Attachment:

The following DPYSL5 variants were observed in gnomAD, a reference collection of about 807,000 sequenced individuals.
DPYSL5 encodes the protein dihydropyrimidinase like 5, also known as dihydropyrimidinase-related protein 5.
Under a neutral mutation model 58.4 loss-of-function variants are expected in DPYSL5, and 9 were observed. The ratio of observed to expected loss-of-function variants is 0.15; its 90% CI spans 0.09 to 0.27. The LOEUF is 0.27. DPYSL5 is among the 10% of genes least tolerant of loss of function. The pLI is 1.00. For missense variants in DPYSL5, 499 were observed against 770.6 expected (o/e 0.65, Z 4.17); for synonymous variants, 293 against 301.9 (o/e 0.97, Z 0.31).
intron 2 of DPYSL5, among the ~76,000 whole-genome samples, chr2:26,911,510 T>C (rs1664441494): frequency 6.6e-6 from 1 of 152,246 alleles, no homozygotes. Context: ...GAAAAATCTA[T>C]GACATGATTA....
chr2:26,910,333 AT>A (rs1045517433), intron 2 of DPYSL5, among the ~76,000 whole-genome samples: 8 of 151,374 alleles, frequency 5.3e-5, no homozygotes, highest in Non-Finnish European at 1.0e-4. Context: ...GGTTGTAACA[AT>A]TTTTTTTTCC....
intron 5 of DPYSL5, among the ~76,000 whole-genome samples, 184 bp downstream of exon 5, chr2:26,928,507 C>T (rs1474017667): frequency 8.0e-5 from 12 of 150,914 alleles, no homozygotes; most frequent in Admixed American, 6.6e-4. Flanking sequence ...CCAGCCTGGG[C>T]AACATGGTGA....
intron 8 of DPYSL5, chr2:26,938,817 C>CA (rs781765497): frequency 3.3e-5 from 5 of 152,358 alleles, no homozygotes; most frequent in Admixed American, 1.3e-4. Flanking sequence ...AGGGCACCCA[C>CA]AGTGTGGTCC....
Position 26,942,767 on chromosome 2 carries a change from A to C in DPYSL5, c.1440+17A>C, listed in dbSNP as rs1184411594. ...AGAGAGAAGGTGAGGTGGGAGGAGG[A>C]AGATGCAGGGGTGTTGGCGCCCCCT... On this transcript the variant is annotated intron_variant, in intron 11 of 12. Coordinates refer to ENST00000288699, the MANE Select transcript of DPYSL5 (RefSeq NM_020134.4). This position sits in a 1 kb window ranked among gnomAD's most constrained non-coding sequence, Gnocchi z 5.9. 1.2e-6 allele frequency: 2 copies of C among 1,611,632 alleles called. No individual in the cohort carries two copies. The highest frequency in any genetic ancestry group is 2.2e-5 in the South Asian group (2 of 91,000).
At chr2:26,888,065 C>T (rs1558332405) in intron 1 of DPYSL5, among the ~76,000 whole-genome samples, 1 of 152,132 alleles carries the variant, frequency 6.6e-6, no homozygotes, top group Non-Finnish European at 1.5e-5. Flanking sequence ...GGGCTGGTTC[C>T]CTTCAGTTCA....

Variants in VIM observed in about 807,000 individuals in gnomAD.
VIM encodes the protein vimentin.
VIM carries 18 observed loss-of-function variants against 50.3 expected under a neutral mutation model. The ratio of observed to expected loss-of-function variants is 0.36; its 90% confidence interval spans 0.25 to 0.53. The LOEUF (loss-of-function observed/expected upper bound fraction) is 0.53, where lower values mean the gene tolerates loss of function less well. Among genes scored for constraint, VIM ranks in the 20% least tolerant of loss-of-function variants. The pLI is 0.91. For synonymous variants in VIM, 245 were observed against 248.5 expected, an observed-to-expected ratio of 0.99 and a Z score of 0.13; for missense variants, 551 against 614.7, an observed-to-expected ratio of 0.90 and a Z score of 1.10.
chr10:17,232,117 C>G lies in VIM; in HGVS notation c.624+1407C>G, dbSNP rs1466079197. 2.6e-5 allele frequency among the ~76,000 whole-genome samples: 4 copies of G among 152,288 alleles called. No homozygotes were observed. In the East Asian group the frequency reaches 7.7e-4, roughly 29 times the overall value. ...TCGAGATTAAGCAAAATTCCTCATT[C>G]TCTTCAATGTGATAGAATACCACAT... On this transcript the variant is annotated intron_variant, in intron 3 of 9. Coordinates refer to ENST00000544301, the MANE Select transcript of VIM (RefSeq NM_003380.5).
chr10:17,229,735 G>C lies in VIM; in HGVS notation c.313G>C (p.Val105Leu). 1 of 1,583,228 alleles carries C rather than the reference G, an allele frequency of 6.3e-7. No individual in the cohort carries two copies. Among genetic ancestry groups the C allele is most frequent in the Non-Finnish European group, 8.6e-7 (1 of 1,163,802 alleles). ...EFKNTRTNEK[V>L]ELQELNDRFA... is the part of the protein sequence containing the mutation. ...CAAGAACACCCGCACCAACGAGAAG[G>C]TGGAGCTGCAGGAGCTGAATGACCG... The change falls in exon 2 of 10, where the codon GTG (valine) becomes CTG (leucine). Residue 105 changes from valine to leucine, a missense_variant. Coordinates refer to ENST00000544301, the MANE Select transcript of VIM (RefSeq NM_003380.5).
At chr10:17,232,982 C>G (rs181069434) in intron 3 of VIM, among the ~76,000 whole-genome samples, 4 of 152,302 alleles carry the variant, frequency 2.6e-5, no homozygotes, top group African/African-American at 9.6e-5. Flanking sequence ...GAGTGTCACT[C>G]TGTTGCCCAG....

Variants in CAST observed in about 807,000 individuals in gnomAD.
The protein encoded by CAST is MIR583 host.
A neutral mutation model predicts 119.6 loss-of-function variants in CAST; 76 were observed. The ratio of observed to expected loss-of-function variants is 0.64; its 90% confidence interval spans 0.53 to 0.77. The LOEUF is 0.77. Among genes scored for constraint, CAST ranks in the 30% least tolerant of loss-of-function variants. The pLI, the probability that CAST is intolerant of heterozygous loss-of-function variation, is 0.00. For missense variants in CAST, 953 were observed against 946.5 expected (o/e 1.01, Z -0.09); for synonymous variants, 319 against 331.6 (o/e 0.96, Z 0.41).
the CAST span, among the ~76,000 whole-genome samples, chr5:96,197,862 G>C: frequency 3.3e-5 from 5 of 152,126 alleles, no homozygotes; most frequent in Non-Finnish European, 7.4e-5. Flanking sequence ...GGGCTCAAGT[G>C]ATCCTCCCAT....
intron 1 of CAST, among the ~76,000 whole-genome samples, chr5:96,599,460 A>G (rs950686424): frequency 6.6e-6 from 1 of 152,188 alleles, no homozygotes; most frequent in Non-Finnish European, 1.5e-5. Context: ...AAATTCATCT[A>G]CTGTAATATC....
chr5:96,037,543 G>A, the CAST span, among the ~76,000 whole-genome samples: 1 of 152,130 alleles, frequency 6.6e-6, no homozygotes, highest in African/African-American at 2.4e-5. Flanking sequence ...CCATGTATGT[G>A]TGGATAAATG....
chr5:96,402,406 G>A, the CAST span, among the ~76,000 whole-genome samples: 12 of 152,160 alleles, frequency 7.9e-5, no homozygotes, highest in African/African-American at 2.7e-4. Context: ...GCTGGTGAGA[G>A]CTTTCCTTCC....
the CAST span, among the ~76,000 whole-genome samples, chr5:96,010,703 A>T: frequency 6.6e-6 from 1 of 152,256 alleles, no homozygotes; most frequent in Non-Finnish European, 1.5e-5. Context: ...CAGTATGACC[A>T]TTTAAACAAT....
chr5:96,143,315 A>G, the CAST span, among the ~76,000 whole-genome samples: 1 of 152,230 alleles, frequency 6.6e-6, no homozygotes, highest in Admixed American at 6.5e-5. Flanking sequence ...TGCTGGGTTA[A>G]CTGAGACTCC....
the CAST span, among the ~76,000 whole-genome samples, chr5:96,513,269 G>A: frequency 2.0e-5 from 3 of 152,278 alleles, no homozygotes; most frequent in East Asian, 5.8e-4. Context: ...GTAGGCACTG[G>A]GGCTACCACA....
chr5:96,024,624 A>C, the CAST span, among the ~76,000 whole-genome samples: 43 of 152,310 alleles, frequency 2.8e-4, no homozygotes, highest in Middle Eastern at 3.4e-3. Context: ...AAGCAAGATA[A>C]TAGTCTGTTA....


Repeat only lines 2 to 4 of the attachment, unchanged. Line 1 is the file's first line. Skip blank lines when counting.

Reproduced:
DPYSL5 encodes the protein dihydropyrimidinase like 5, also known as dihydropyrimidinase-related protein 5.
Under a neutral mutation model 58.4 loss-of-function variants are expected in DPYSL5, and 9 were observed. The ratio of observed to expected loss-of-function variants is 0.15; its 90% CI spans 0.09 to 0.27. The LOEUF is 0.27. DPYSL5 is among the 10% of genes least tolerant of loss of function. The pLI is 1.00. For missense variants in DPYSL5, 499 were observed against 770.6 expected (o/e 0.65, Z 4.17); for synonymous variants, 293 against 301.9 (o/e 0.97, Z 0.31).
intron 2 of DPYSL5, among the ~76,000 whole-genome samples, chr2:26,911,510 T>C (rs1664441494): frequency 6.6e-6 from 1 of 152,246 alleles, no homozygotes. Context: ...GAAAAATCTA[T>C]GACATGATTA....